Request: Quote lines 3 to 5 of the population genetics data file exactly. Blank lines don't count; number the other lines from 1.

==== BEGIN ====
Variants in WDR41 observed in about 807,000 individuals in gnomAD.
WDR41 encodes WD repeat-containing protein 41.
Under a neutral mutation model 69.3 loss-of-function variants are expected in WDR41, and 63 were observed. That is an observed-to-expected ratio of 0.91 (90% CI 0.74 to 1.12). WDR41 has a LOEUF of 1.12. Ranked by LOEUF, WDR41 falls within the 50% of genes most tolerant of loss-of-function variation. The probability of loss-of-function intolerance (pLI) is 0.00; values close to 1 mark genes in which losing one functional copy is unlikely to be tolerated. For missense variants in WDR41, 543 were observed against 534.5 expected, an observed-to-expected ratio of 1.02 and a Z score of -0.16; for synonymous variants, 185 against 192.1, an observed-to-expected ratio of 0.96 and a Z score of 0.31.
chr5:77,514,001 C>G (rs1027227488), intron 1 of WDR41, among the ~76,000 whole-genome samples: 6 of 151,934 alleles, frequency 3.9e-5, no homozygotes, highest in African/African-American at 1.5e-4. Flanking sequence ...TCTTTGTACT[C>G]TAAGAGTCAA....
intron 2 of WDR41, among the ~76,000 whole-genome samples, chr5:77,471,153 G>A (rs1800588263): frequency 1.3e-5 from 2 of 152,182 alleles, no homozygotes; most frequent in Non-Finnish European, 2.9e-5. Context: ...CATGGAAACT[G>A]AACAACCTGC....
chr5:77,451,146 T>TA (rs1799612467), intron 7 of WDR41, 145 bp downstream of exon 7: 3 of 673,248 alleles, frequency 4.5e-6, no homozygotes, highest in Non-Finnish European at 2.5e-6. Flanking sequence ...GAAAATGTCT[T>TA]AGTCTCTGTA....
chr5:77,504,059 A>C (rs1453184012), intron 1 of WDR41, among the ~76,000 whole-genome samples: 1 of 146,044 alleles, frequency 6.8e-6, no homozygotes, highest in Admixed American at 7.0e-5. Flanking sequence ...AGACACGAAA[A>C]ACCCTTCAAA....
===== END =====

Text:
Under a neutral mutation model 69.3 loss-of-function variants are expected in WDR41, and 63 were observed. That is an observed-to-expected ratio of 0.91 (90% CI 0.74 to 1.12). WDR41 has a LOEUF of 1.12. Ranked by LOEUF, WDR41 falls within the 50% of genes most tolerant of loss-of-function variation. The probability of loss-of-function intolerance (pLI) is 0.00; values close to 1 mark genes in which losing one functional copy is unlikely to be tolerated. For missense variants in WDR41, 543 were observed against 534.5 expected, an observed-to-expected ratio of 1.02 and a Z score of -0.16; for synonymous variants, 185 against 192.1, an observed-to-expected ratio of 0.96 and a Z score of 0.31.
chr5:77,514,001 C>G (rs1027227488), intron 1 of WDR41, among the ~76,000 whole-genome samples: 6 of 151,934 alleles, frequency 3.9e-5, no homozygotes, highest in African/African-American at 1.5e-4. Flanking sequence ...TCTTTGTACT[C>G]TAAGAGTCAA....
intron 2 of WDR41, among the ~76,000 whole-genome samples, chr5:77,471,153 G>A (rs1800588263): frequency 1.3e-5 from 2 of 152,182 alleles, no homozygotes; most frequent in Non-Finnish European, 2.9e-5. Context: ...CATGGAAACT[G>A]AACAACCTGC....